Katsumata’s comment is double. In either case, the utterance of nansensu is itself depicted as a form of nansensu. On the one hand, the declarative nansensu is reduced to a form of show, a caterwaul for attention, rather than an utterance of meaningful content. It is an accouterment of late-1960s student style, a statement of belonging and nothing more. It is part of talking the talk of radical chic. As verbal fashion, it describes qualities of its enunciator over qualities of its addressee. He who declares nansensu is himself full of it. At the same time, the manga also suggests the opposite: the declaration of nansensu does, in fact, have descriptive value. Through this double articulation, Katsumata illustrates an irony: the student movement is quick to decry the disingenuousness of the other but is incapable of perceiving vacuities in its own speech or at least unwilling to accept its public denunciation, particularly when it comes from a bystander and outsider. In others words, Katsumata suggests that the student movement itself was, to a degree, ‘full of it’, and furthermore refused to see so. This amounts neither to a matter of simple perspective: one person’s discourse is another’s ‘bull’; nor to something like the following: one and the same set of words in the mouth of one person is discourse, in the mouth of another is a word heap. The words themselves, in fact, matter not at all. Instead, the identity of the speaker, and not the content of the utterance, defines the nature of the utterance with regards to its sincerity and meaningfulness. One speaker is a producer of ‘bull’, always. One speaker is a producer of genuine discourse, always.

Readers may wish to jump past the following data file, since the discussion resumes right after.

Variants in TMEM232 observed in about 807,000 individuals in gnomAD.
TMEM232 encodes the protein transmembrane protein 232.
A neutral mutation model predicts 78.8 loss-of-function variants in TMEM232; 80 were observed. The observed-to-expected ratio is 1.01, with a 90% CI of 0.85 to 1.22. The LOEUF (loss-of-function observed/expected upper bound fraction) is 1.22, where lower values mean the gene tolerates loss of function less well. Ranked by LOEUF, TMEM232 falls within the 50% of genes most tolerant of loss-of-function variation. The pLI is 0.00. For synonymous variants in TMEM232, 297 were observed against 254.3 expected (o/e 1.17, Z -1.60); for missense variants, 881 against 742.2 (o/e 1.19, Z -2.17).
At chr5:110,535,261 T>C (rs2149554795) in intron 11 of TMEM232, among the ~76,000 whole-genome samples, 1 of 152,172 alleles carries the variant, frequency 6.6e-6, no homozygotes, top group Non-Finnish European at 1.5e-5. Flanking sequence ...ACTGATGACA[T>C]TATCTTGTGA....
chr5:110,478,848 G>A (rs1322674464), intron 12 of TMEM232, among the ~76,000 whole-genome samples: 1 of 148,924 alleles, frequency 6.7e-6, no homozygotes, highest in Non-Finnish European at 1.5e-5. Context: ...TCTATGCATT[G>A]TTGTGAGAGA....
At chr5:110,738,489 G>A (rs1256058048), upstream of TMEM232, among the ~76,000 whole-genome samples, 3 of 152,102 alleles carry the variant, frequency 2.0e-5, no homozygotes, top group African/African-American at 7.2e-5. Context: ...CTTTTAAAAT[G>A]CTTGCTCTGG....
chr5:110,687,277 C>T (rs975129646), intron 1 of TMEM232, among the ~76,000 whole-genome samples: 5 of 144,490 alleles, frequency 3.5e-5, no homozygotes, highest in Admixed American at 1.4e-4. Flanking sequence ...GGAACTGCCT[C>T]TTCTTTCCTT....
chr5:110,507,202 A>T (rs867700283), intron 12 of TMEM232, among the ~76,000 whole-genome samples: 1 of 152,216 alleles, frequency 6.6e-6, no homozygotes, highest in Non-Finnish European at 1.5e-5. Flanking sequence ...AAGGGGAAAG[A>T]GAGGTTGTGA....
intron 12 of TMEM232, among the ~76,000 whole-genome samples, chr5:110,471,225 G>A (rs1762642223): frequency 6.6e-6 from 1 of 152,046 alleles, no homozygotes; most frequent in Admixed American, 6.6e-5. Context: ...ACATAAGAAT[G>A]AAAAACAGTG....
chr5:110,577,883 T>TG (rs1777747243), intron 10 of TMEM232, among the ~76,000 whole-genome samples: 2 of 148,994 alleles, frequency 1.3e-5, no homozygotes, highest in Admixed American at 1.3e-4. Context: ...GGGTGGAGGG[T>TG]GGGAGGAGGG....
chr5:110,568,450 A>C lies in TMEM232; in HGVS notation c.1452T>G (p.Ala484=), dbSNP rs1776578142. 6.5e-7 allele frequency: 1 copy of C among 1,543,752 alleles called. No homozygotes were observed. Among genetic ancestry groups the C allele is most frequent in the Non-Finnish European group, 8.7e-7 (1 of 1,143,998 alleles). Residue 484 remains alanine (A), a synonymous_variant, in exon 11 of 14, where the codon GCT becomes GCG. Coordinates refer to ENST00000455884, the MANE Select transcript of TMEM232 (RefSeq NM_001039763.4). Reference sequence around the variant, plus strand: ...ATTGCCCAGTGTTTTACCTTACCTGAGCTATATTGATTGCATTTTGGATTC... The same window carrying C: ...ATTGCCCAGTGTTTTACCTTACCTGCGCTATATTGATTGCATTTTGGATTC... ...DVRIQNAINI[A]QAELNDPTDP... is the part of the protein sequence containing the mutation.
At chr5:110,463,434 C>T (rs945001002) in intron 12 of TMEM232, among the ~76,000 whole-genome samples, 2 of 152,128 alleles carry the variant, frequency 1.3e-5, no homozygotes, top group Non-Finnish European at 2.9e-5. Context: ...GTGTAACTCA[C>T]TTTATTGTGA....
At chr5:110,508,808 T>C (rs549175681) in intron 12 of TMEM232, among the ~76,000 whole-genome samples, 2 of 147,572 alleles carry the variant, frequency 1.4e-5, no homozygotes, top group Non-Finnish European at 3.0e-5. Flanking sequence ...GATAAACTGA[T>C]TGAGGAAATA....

University students were not incapable of seeing the problem for themselves. In the late 1960s, the school newspaper of Kyoto University ran a column titled ‘The phenomenology of words’ (Kotoba no genshōgaku) in which various current colloquialisms were examined with regard to possible etymology, semantics and social significance. Among the terms and phrases explored was nansensu. The author of the article – from the 22 July 1968 issue of the paper – is listed only as ‘Anti’ (Han). The piece is short and reads as follows:
Japanese is such an arbitrary language. Or is the problem those that use it . . . . For four months, the only word that has stuck in my head is ‘nansensu’. This chap [koyatsu], having crossed the ocean from England and America and changed into Japanese, is sadly being made into a tool of self-justification [jiko seitōka]. Activist groups have adopted this chap as a negation of their own thought . . . . What is truly sad is the number of words – so large – that have been thrown out [kirisuteru] on the account of this chap. I had gotten together with a high school friend of mine to reminisce about the good old days, and I thought that he had left out something important in what he was saying. He responded: ‘I see that you too have started speaking Zengakuren [All-Japan Federation of Self-Governing Student Bodies]’.
That is, he was speaking the language of the organized student movement. The implication, of course, is that, in disagreeing with his interlocutor, the author had said nansensu. He laments its effects. All utterances entail word choice. To choose one word is to not choose another. But in the case of nansensu, to choose it is to ‘kirisuteru’ others – ‘to cut and discard’, to sever or delete. As such, nansensu is a kind of anti-word, a word against words. To utter it is not just to choose against other words but to obliterate them. As such, its utterance is an act of logoclasm, the willed destruction of language. This changes one’s understanding of the final proposition of ‘The dog goes’. The blank speech balloon is not just a figure of absence. Named nansensu, its void is recast as a figure of violence against the linguistic sign.